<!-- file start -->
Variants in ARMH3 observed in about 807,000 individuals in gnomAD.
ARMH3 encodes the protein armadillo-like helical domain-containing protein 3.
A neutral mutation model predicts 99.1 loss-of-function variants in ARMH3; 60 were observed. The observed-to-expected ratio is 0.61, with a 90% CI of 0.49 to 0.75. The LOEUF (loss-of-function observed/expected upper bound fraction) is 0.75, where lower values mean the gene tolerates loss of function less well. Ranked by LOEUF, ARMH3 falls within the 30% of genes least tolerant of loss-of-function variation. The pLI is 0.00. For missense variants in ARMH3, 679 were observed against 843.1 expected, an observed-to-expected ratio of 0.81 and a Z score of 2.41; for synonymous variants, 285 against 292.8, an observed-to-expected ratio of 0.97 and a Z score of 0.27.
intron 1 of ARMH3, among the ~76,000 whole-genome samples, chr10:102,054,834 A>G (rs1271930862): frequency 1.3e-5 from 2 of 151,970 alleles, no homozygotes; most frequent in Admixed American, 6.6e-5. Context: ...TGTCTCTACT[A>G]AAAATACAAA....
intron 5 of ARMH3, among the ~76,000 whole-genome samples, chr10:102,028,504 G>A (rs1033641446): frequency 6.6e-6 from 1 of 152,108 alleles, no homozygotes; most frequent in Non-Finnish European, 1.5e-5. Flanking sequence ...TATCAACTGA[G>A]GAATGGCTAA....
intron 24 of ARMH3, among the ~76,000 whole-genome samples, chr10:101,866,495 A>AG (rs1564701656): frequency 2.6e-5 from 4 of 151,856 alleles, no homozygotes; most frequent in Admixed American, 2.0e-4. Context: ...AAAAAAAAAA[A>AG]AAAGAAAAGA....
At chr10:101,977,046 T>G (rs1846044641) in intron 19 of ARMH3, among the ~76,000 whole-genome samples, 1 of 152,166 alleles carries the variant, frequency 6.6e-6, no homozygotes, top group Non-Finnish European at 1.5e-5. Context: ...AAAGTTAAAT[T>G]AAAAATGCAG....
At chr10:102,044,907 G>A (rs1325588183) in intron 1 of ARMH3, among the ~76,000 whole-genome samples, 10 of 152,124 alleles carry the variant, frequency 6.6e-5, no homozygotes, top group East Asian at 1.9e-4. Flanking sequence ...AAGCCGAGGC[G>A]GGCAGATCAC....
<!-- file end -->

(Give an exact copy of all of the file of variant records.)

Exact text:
Variants in ARMH3 observed in about 807,000 individuals in gnomAD.
ARMH3 encodes the protein armadillo-like helical domain-containing protein 3.
A neutral mutation model predicts 99.1 loss-of-function variants in ARMH3; 60 were observed. The observed-to-expected ratio is 0.61, with a 90% CI of 0.49 to 0.75. The LOEUF (loss-of-function observed/expected upper bound fraction) is 0.75, where lower values mean the gene tolerates loss of function less well. Ranked by LOEUF, ARMH3 falls within the 30% of genes least tolerant of loss-of-function variation. The pLI is 0.00. For missense variants in ARMH3, 679 were observed against 843.1 expected, an observed-to-expected ratio of 0.81 and a Z score of 2.41; for synonymous variants, 285 against 292.8, an observed-to-expected ratio of 0.97 and a Z score of 0.27.
intron 1 of ARMH3, among the ~76,000 whole-genome samples, chr10:102,054,834 A>G (rs1271930862): frequency 1.3e-5 from 2 of 151,970 alleles, no homozygotes; most frequent in Admixed American, 6.6e-5. Context: ...TGTCTCTACT[A>G]AAAATACAAA....
intron 5 of ARMH3, among the ~76,000 whole-genome samples, chr10:102,028,504 G>A (rs1033641446): frequency 6.6e-6 from 1 of 152,108 alleles, no homozygotes; most frequent in Non-Finnish European, 1.5e-5. Flanking sequence ...TATCAACTGA[G>A]GAATGGCTAA....
intron 24 of ARMH3, among the ~76,000 whole-genome samples, chr10:101,866,495 A>AG (rs1564701656): frequency 2.6e-5 from 4 of 151,856 alleles, no homozygotes; most frequent in Admixed American, 2.0e-4. Context: ...AAAAAAAAAA[A>AG]AAAGAAAAGA....
At chr10:101,977,046 T>G (rs1846044641) in intron 19 of ARMH3, among the ~76,000 whole-genome samples, 1 of 152,166 alleles carries the variant, frequency 6.6e-6, no homozygotes, top group Non-Finnish European at 1.5e-5. Context: ...AAAGTTAAAT[T>G]AAAAATGCAG....
At chr10:102,044,907 G>A (rs1325588183) in intron 1 of ARMH3, among the ~76,000 whole-genome samples, 10 of 152,124 alleles carry the variant, frequency 6.6e-5, no homozygotes, top group East Asian at 1.9e-4. Flanking sequence ...AAGCCGAGGC[G>A]GGCAGATCAC....